As a flower photographer I have been reaching for the Lensbaby Velvet 56mm when I want to photograph flowers in a more creative and beautiful way. The Velvet 56mm has long been my hands-down-favorite lens, since it was first released in 2015. The signature ethereal, velvety glow that the lens produces when shot in the lower apertures changed my photography and started me on a journey of not only photographing flowers in a new way, but seeing them in a whole new way. Because the lens focuses as close as 5 inches from your subject it has always been a perfect fit for my style of photographing my subjects up-close.
I am most often working right at that 5 inch macro setting when I shoot with the 56mm. When I want to pull back and include more of the environment the flower is growing in, I can count on the Velvet 56mm to produce beautiful, blurred backgrounds straight out of camera. In fact, I often stare at a Velvet image on my computer screen and wonder that there must be something I can do to improve this beautiful image straight out of camera, but often the answer is simply “no,” it needs minimal to no post-processing.
When Lensbaby approached me earlier this year to beta test the new Velvet 85mm, I was excited and curious to know how the longer focal length could add to my photography. The minute the lens arrived via UPS, I flew out the door to give it a whirl. On this first try, I put it to the ultimate test of photographing orchids in an orchid show, probably the most challenging of flowers and situations to photograph in the flower world.
What I learned in that first couple of hours with the Velvet 85mm was that this lens was a perfect fit for shooting in environments where I could not get as close to the flower or, in particular, where I wanted more control of my backgrounds. Not only did I find I was was nailing focus more easily with the 85mm but I was consistently coming up with the most beautiful blurred backgrounds. This is where I believe the 85mm is a real standout. The longer focal length gives you more compression in the background, thus producing gorgeous blur and beautiful separation of subject and background.
The Velvet 85mm focuses at a minimum distance of 9.5 inches (1:2 “macro”). When I am trying to draw the eye to the intimate details of a flower or other botanical subjects that may not be close enough for me. That’s where I would either reach for the Velvet 56mm or put on an extension tube with the 85mm to allow me to focus closer. There have been very few instances were I couldn’t get in as close as I wanted and, in all honesty, the 85mm stretched me to experiment with pulling back a bit more in my photography and including more background.
In many cases the reason I am moving in as close as possible is to eliminate having to do a lot of work in post-processing when I can’t control a messy background in camera. The Velvet 85mm allows me step back a bit producing gorgeous backgrounds a step beyond the 56mm.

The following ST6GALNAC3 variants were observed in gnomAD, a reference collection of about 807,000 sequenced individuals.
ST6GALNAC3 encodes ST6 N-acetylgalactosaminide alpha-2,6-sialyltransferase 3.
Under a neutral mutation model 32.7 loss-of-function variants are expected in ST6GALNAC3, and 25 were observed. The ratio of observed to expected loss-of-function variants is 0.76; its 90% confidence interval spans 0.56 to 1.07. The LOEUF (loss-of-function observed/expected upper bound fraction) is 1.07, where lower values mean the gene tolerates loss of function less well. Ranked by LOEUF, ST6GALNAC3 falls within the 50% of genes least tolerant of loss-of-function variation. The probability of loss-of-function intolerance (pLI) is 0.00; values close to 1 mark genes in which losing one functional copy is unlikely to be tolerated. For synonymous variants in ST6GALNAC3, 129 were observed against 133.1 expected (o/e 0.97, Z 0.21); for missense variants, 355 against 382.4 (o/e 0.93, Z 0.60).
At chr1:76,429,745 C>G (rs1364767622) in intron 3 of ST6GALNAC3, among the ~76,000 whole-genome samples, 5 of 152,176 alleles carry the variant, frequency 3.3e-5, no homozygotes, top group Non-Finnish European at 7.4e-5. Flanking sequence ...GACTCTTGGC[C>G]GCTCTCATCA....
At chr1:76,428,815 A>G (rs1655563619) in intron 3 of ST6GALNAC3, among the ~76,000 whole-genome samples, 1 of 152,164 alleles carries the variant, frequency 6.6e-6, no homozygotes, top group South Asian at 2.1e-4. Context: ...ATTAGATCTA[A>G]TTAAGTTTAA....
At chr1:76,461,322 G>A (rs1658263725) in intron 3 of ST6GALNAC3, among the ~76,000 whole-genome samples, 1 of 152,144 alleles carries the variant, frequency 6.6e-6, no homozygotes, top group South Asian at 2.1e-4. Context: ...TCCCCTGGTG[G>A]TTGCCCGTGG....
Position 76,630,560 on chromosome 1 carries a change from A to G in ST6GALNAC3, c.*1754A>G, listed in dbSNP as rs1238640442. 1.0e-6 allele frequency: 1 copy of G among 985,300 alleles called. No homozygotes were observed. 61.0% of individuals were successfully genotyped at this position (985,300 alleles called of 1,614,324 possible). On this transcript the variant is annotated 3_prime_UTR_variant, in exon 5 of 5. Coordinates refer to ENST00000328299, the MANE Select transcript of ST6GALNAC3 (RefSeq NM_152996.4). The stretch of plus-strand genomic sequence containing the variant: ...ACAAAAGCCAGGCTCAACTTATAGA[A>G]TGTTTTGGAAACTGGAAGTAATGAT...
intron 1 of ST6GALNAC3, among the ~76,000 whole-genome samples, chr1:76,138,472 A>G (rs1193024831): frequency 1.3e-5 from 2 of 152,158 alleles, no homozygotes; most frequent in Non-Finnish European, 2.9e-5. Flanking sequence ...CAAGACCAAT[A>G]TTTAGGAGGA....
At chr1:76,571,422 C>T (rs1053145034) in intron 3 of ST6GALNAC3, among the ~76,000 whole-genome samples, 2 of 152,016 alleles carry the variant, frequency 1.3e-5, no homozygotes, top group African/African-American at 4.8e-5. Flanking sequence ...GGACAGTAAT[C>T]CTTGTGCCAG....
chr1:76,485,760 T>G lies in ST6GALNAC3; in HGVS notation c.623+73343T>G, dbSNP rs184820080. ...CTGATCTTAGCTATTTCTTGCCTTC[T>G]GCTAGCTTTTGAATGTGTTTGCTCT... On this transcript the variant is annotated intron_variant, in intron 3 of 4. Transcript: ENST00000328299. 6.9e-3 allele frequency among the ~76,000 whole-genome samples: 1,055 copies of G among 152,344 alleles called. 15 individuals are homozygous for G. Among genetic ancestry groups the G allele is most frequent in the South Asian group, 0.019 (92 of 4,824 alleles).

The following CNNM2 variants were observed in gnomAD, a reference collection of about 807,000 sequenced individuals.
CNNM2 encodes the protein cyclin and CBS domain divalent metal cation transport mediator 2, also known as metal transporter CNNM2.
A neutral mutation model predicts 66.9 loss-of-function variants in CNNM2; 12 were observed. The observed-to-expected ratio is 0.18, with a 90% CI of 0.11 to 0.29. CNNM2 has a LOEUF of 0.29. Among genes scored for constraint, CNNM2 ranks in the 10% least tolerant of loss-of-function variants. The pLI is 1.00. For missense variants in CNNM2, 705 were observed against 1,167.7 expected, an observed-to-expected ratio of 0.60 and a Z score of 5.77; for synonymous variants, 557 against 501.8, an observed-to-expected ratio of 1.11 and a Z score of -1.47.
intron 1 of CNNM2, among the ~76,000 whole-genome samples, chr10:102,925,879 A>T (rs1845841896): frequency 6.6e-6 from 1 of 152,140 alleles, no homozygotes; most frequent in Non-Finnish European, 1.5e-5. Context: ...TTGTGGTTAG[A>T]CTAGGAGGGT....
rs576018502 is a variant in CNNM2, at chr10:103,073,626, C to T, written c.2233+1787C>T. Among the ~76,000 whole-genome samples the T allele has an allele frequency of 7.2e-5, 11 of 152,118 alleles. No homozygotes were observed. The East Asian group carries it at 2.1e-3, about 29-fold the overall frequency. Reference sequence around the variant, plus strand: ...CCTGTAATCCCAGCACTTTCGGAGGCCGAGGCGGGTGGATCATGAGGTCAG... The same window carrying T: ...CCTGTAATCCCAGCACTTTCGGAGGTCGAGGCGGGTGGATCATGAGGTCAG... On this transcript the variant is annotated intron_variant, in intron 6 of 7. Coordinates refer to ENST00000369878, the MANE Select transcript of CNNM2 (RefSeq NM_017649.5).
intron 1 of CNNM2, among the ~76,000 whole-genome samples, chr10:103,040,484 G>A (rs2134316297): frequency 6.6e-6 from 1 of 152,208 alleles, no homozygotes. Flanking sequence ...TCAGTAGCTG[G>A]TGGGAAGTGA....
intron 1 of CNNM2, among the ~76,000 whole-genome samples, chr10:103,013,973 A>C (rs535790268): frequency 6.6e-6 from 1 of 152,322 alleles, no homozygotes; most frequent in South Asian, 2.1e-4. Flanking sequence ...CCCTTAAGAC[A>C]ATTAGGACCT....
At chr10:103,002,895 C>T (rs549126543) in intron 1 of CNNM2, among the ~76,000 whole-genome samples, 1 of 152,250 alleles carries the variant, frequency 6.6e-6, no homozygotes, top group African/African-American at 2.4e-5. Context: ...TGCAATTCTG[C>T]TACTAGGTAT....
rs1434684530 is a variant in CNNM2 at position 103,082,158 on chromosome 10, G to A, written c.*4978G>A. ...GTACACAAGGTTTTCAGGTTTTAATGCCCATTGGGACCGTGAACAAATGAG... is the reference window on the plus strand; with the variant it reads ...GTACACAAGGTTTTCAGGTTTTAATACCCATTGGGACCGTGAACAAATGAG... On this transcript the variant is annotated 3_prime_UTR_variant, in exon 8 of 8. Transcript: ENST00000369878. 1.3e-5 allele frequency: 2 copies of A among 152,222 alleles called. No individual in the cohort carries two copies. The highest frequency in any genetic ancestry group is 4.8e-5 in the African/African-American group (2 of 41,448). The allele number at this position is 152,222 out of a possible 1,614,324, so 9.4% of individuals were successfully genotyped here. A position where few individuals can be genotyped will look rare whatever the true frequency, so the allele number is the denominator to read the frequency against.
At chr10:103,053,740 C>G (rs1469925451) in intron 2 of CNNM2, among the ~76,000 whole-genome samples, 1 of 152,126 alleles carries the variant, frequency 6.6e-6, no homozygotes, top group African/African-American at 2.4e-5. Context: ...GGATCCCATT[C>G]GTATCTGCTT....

What became very clear to me after 4 months of shooting with this lens is that Lensbaby once again encouraged me to experiment with a new way of shooting and opened creative doors for me. That’s why I have always turned to Lensbaby all along, after all. It brings creativity and experimentation back into the picture and makes photography fun.
I took that creative spirit a step further, way out of my comfort zone. I began experimenting with shooting landscapes with both Velvets, to create a magical feeling to the landscape. This, I found, was pure fun, and not fraught with my usual angst about not being a “good enough” landscape photographer, let alone having to struggle with a lot of post processing to bring that image to life. Another door opened thanks to Lensbaby.
Yes, you are going to hear a lot about the Velvet 85mm as an amazing lens for portraits. A lot of the marketing for the lens focuses on it being the perfect portrait lens and you are going to see some amazing images produced with the lens. It is also the perfect lens for flowers or botanical subjects, as well. I take “portraits” of flowers and many of the same tenets apply for both types of photography. The Velvet 85mm will not replace my 56mm; they are both in my bag at all times. What this lens does is allows me to expand my way of shooting botanical subjects.
In a nutshell, they both produce the same ethereal glow, beautiful straight-out-camera photos, beautiful blurred backgrounds and the ability to work up close with my subjects. The difference is that the 56mm allows me to work closer and the 85mm allows me to stand back and include more subject while creating gorgeous compression to my background.
Want to know more about Velvet 85?! Read Lensbaby founder Craig Strong’s take on Velvet 56 v. Velvet 85 right here.
You can see more of Anne’s work at her website, Anne Belmont Photography.